How Knicks Should Approach Post-All Star Break

There is a difference, not a subtle void but a huge divide, between tanking and strategic evaluation.

I know of no professional athlete, coach or GM that embraces losing as a means to an end. So let’s be clear, the Knicks should not be entertaining the idea of a better position in the 2018 NBA Draft by piling up losses. And they’re not.

There is enough talent on this team, despite the season-ending injuries to Kristaps Porzingis (knee) and Ron Baker (shoulder), to win. And that should be the goal every night.

[Watch Knicks-Magic on MSG & MSG GO Thursday, Feb. 22. Download free.]

But the Knicks also must use the final 23 games post-NBA All-Star break to assess the roster. The Knicks (23-36) have lost eight straight and are 7.5 games out of the final playoff spot in the East.

So here’s a look at how the Knicks should approach the post-All-Star break:

1 – When asked his feelings about the Knicks acquiring point guard Emmanuel Mudiay, rookie Frank Ntilikina, 19, handled himself with the same maturity he’s shown since coming to New York.

“We can build something really great,’’ Ntilikina said. “We have kind of the same background. It’s just so exciting to have a guy like that who is young and really can build a future.

“We have kind of the same background. It’s just so exciting to have a guy like that who is young and really can build a future.”

I love the mentoring and leadership that Jarrett Jack has provided Ntilikina, Mudiay, Baker and Trey Burke. But at the age of 34 with 12 NBA seasons, it’s time for Jack to take a back seat and let the young guns blaze.

Ntilikina, Mudiay and Burke need to get as many minutes as possible. They need to work in various combinations and learn how to complement each other. Especially in crunch time.

2 – Tim Hardaway Jr. did what all good shooters do – he never lost his confidence despite a horrific slump and recently torched the Wizards for 37 points on 14-of-24 shooting including 6-of-9 on 3s.

Hardaway needs to be the primary option going forward. Instead of being KP’s wingman, he can use the rest of this season to quantum leap his confidence and role as the go-to option.

If Hardaway can become a consistent 20-point per game scorer, the Knicks will be more prolific when Porzingis returns next season.

3 – Michael Beasley has been one of the most pleasant surprises of the season. The 6-foot-9 forward always has been able to score with one hand tied behind his back but he’s rebounding and taking smarter shots. In short, this is the most mature Beasley we’ve seen in the NBA.

The test will be to see if the Knicks can keep Beasley engaged if the losses mount and he finds himself on the floor with a group of less experienced players.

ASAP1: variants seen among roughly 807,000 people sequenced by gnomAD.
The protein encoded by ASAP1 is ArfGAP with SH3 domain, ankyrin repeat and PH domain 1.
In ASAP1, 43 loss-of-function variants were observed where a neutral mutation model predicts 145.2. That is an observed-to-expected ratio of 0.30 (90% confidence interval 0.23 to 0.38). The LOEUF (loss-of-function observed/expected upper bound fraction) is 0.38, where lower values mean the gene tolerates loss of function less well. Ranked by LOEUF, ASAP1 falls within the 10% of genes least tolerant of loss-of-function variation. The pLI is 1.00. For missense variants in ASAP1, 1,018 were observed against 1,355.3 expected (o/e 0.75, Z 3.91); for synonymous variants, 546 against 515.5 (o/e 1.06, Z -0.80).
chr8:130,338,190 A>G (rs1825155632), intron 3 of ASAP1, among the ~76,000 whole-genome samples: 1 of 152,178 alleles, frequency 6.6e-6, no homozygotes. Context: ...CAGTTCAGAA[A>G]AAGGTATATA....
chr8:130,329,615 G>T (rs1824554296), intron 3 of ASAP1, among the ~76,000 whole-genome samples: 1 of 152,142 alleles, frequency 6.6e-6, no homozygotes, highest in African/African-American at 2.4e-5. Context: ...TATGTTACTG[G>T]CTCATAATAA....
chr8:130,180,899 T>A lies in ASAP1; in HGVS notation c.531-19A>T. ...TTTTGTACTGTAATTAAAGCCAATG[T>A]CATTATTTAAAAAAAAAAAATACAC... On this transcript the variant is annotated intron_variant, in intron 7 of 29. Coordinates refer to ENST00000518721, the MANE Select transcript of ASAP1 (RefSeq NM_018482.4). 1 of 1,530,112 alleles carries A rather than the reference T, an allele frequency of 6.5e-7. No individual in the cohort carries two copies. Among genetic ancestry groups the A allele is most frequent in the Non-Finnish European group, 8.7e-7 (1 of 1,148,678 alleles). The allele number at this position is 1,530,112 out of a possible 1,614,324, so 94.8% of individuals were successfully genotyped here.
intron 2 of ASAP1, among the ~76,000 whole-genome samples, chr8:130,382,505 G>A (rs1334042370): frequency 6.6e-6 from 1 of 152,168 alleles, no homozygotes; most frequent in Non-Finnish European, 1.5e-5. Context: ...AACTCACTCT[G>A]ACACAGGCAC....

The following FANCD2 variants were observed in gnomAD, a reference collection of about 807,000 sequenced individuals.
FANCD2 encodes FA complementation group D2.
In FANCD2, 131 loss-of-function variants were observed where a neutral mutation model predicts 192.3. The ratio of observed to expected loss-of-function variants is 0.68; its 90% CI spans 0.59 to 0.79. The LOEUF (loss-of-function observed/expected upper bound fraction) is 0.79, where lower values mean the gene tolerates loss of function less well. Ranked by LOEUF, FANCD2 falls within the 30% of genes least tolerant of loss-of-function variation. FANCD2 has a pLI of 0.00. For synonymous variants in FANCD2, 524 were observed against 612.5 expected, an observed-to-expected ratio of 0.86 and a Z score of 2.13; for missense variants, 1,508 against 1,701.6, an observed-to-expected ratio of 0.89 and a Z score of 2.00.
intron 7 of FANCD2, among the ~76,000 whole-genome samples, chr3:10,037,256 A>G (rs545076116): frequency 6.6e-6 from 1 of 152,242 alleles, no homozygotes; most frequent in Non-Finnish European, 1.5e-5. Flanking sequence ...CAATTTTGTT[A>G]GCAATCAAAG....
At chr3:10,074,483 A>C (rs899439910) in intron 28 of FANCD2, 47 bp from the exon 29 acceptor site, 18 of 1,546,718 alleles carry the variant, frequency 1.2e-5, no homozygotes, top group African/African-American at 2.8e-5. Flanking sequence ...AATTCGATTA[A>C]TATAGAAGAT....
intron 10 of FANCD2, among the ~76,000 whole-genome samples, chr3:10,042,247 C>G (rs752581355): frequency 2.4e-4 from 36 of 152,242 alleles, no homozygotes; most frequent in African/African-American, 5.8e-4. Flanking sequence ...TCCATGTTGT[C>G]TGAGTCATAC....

4 – ESPN’s terrific NBA reporter Zach Lowe wrote that the Knicks are ‘giving minutes to something called Luke Kornet, which sounds like a woodwind instrument.’ Cute line but the Knicks should be giving minutes to the 7-foot-1 stretch forward.

Kornet was a late bloomer in high school, standing just 6-foot-7. That allowed him to develop a perimeter game. Then came the growth spurt. Kornet needs to add muscle to his 250 pounds, but he has a shot – he’s made three 3s and grabbed 11 rebounds in just 40 minutes of play.

Can he develop into a taller Steve Novak? Only one way to find out. Play him. When not on the court – stick Kornet in the weight room. He might make some sweet music next season.

5 – Damyean Dotson’s college coach Kelvin Sampson told that the 3-point marksman was a better shooter coming out of college than Courtney Lee, who he said was a better all-around player.

Without Doug McDermott, who the Knicks traded to get Mudiay, the Knicks need to get a better sense if Dotson has more to his game than the 3-ball. Lee is having one of the best seasons of his career but he’s a savvy veteran that believes in team ball and team building. He won’t make waves if Dotson gets a little more time.


Ntilikina will compete in the Rising Stars Challenge.

“I just want to enjoy this experience and trying to just take my mind off, think of something else and come back even stronger,’’ Ntilikina told The NY Post.

“I’ve learned a lot. Of course, I haven’t reached my potential but I’m extremely confident where I can be in this league. From the first part of the season, I said I can do great things here and I still do.’’

[Watch Knicks-Magic on MSG & MSG GO Thursday, Feb. 22. Download Free.]